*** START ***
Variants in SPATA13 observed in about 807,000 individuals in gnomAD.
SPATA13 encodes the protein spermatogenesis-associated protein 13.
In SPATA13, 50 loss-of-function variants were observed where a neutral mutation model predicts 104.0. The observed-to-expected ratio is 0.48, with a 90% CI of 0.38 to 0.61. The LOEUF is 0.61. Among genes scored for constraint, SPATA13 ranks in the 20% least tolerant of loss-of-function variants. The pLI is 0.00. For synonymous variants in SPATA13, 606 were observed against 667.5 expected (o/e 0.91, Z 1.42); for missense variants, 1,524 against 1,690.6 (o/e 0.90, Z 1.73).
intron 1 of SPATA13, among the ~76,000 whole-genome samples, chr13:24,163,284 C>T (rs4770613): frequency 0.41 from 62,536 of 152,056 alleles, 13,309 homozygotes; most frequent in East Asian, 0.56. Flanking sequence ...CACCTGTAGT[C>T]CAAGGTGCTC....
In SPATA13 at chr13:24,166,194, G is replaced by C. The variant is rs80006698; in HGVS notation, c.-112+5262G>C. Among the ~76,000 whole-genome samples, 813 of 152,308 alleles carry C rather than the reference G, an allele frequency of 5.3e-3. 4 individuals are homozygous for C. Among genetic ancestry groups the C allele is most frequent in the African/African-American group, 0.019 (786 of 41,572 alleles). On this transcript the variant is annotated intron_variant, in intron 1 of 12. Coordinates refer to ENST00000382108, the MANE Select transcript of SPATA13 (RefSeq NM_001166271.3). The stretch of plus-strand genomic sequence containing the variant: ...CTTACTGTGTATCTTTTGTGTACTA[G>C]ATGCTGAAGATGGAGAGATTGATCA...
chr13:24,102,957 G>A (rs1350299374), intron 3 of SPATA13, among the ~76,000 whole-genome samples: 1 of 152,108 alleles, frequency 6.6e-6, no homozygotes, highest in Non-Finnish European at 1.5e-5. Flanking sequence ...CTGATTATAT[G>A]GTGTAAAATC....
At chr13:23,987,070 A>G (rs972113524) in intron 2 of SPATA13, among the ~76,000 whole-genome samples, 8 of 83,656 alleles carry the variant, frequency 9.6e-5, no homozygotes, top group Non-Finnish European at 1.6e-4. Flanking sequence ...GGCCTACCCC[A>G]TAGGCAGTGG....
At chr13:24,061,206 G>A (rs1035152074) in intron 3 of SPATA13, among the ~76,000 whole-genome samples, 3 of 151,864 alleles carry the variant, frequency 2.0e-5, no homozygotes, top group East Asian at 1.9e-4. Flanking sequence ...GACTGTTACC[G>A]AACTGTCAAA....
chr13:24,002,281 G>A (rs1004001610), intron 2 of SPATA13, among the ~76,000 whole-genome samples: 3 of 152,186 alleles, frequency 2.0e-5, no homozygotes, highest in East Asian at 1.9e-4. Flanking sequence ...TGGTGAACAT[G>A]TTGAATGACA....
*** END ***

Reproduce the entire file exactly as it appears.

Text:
Variants in SPATA13 observed in about 807,000 individuals in gnomAD.
SPATA13 encodes the protein spermatogenesis-associated protein 13.
In SPATA13, 50 loss-of-function variants were observed where a neutral mutation model predicts 104.0. The observed-to-expected ratio is 0.48, with a 90% CI of 0.38 to 0.61. The LOEUF is 0.61. Among genes scored for constraint, SPATA13 ranks in the 20% least tolerant of loss-of-function variants. The pLI is 0.00. For synonymous variants in SPATA13, 606 were observed against 667.5 expected (o/e 0.91, Z 1.42); for missense variants, 1,524 against 1,690.6 (o/e 0.90, Z 1.73).
intron 1 of SPATA13, among the ~76,000 whole-genome samples, chr13:24,163,284 C>T (rs4770613): frequency 0.41 from 62,536 of 152,056 alleles, 13,309 homozygotes; most frequent in East Asian, 0.56. Flanking sequence ...CACCTGTAGT[C>T]CAAGGTGCTC....
In SPATA13 at chr13:24,166,194, G is replaced by C. The variant is rs80006698; in HGVS notation, c.-112+5262G>C. Among the ~76,000 whole-genome samples, 813 of 152,308 alleles carry C rather than the reference G, an allele frequency of 5.3e-3. 4 individuals are homozygous for C. Among genetic ancestry groups the C allele is most frequent in the African/African-American group, 0.019 (786 of 41,572 alleles). On this transcript the variant is annotated intron_variant, in intron 1 of 12. Coordinates refer to ENST00000382108, the MANE Select transcript of SPATA13 (RefSeq NM_001166271.3). The stretch of plus-strand genomic sequence containing the variant: ...CTTACTGTGTATCTTTTGTGTACTA[G>C]ATGCTGAAGATGGAGAGATTGATCA...
chr13:24,102,957 G>A (rs1350299374), intron 3 of SPATA13, among the ~76,000 whole-genome samples: 1 of 152,108 alleles, frequency 6.6e-6, no homozygotes, highest in Non-Finnish European at 1.5e-5. Flanking sequence ...CTGATTATAT[G>A]GTGTAAAATC....
At chr13:23,987,070 A>G (rs972113524) in intron 2 of SPATA13, among the ~76,000 whole-genome samples, 8 of 83,656 alleles carry the variant, frequency 9.6e-5, no homozygotes, top group Non-Finnish European at 1.6e-4. Flanking sequence ...GGCCTACCCC[A>G]TAGGCAGTGG....
At chr13:24,061,206 G>A (rs1035152074) in intron 3 of SPATA13, among the ~76,000 whole-genome samples, 3 of 151,864 alleles carry the variant, frequency 2.0e-5, no homozygotes, top group East Asian at 1.9e-4. Flanking sequence ...GACTGTTACC[G>A]AACTGTCAAA....
chr13:24,002,281 G>A (rs1004001610), intron 2 of SPATA13, among the ~76,000 whole-genome samples: 3 of 152,186 alleles, frequency 2.0e-5, no homozygotes, highest in East Asian at 1.9e-4. Flanking sequence ...TGGTGAACAT[G>A]TTGAATGACA....